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Biventricular morphology in adults born with a ventricular septal defect

Published online by Cambridge University Press:  30 August 2018

Marie Maagaard*
Affiliation:
Department of Cardiothoracic and Vascular Surgery, Aarhus University Hospital, Aarhus, Denmark Department of Clinical Medicine, Aarhus University Hospital, Aarhus, Denmark
Johan Heiberg
Affiliation:
Department of Cardiothoracic and Vascular Surgery, Aarhus University Hospital, Aarhus, Denmark Department of Clinical Medicine, Aarhus University Hospital, Aarhus, Denmark
Filip Eckerström
Affiliation:
Department of Cardiothoracic and Vascular Surgery, Aarhus University Hospital, Aarhus, Denmark Department of Clinical Medicine, Aarhus University Hospital, Aarhus, Denmark
Benjamin Asschenfeldt
Affiliation:
Department of Cardiothoracic and Vascular Surgery, Aarhus University Hospital, Aarhus, Denmark Department of Clinical Medicine, Aarhus University Hospital, Aarhus, Denmark
Christian E. Rex
Affiliation:
Department of Cardiothoracic and Vascular Surgery, Aarhus University Hospital, Aarhus, Denmark Department of Clinical Medicine, Aarhus University Hospital, Aarhus, Denmark
Steffen Ringgaard
Affiliation:
The MR Research Centre, Aarhus University Hospital, Aarhus, Denmark
Vibeke E. Hjortdal
Affiliation:
Department of Cardiothoracic and Vascular Surgery, Aarhus University Hospital, Aarhus, Denmark Department of Clinical Medicine, Aarhus University Hospital, Aarhus, Denmark
*
Author for correspondence: M. Maagaard, Department of Cardiothoracic and Vascular Surgery, Aarhus University Hospital, Palle Juul-Jensens Blv. 99, DK-8200 Aarhus N, Denmark. Tel: +45 7845 3086; Fax: +45 7845 3079; E-mail: maagaard@clin.au.dk

Abstract

Ventricular septal defects – large, surgically closed or small, untreated – have demonstrated lower peak exercise capacity compared with healthy controls. The mechanisms behind these findings are not yet fully understood. Therefore, we evaluated biventricular morphology in adults with a ventricular septal defect using MRI. Adults with either childhood surgically closed or small, untreated ventricular septal defects and healthy controls underwent cine MRI for the evaluation of biventricular volumes and quantitative flow scans for measurement of stroke index. Scans were analysed post hoc in a blinded manner. In total, 20 operated patients (22±2 years) and 20 healthy controls (23±2 years) were included, along with 32 patients with small, unrepaired ventricular septal defects (26±6 years) and 28 controls (27±5 years). Operated patients demonstrated larger right ventricular end-diastolic volume index (103±20 ml/m2) compared with their controls (88±16 ml/m2), p=0.01. Heart rate and right ventricular stroke index did not differ between operated patients and controls. Patients with unrepaired ventricular septal defects revealed larger right ventricular end-diastolic volume index (105±17 ml/m2) compared with their controls (88±13 ml/m2), p<0.01. Furthermore, right ventricular stroke index was higher in unrepaired ventricular septal defects (53±12 ml/minute/m2) compared with controls (46±8 ml/minute/m2), p=0.02, with similar heart rates. Both patient groups’ right ventricles were visually characterised by abundant coarse trabeculation. Positive correlations were demonstrated between right ventricular end-diastolic volume indices and peak exercise capacity in patients. Left ventricle measurements displayed no differences between groups. In conclusion, altered right ventricular morphology was demonstrated in adults 20 years after surgical ventricular septal defect repair and in adults with small, untreated ventricular septal defects.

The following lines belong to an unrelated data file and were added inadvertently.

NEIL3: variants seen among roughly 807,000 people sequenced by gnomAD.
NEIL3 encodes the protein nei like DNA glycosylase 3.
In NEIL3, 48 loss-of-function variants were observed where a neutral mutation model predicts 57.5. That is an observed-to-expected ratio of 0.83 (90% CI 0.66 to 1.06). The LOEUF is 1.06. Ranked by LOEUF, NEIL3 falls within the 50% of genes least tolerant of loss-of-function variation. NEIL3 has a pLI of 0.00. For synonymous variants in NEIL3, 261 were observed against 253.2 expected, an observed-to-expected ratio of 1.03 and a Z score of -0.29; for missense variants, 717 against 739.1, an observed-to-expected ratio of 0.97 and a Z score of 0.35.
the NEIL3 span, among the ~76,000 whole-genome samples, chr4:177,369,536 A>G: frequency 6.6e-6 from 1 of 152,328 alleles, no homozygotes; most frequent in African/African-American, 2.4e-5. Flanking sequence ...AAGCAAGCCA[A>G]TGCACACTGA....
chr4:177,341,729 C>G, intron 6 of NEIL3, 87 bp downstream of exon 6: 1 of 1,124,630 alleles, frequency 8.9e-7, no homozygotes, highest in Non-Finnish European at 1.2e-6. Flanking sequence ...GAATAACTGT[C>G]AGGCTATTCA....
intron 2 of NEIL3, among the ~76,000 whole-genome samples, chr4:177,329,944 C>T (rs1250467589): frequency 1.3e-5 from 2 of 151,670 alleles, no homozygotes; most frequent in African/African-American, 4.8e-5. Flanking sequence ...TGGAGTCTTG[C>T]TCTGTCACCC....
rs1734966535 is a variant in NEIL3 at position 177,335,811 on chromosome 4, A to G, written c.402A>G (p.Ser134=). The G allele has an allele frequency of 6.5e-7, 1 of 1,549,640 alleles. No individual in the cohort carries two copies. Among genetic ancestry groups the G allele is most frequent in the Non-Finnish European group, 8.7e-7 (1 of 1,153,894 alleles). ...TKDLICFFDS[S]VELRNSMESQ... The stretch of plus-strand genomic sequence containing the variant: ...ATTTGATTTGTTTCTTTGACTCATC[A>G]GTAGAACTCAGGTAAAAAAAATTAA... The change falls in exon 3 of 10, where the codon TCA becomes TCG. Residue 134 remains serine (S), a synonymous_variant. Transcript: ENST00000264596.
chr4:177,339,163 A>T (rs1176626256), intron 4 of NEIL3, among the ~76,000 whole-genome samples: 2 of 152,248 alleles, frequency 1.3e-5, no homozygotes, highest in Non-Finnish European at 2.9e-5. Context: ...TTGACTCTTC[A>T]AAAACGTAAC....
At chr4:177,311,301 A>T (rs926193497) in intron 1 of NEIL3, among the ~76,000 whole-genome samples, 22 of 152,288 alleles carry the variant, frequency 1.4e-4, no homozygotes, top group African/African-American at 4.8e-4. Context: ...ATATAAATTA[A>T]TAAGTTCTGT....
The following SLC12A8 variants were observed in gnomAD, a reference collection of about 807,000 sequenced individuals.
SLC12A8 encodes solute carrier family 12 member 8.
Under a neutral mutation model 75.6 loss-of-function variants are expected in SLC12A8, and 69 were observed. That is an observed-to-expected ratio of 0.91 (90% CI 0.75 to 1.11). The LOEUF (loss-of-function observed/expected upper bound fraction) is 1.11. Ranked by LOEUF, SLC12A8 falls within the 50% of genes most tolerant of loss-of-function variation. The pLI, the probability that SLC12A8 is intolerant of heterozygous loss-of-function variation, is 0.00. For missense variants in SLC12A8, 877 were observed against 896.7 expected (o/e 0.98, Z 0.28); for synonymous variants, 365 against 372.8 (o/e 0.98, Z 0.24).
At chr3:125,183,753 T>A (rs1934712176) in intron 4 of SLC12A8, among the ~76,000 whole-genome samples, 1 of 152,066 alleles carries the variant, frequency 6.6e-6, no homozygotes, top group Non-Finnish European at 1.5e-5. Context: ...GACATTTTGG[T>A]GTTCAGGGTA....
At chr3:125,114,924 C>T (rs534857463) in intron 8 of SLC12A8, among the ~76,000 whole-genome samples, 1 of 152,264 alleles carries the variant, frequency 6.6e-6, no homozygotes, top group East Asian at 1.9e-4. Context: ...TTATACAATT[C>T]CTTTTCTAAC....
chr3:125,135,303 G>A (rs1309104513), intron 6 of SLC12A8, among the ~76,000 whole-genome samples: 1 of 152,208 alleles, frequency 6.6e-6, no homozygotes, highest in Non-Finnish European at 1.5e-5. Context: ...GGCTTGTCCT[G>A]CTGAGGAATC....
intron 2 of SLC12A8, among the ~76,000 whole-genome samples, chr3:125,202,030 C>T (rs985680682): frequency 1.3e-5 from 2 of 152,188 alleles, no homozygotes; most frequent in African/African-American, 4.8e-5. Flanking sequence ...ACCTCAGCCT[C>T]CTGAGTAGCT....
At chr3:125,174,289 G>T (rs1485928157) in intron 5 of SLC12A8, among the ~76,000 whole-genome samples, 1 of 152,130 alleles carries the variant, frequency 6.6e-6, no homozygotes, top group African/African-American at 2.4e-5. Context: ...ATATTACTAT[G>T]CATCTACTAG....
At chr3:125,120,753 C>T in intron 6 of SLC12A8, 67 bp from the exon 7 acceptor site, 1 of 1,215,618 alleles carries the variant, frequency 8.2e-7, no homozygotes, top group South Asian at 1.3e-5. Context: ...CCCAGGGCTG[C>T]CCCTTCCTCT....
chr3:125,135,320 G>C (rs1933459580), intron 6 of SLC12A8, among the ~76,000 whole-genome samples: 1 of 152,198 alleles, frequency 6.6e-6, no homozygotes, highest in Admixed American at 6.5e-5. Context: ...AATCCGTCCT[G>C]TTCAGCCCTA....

Type
Original Article
Copyright
© Cambridge University Press 2018 

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References

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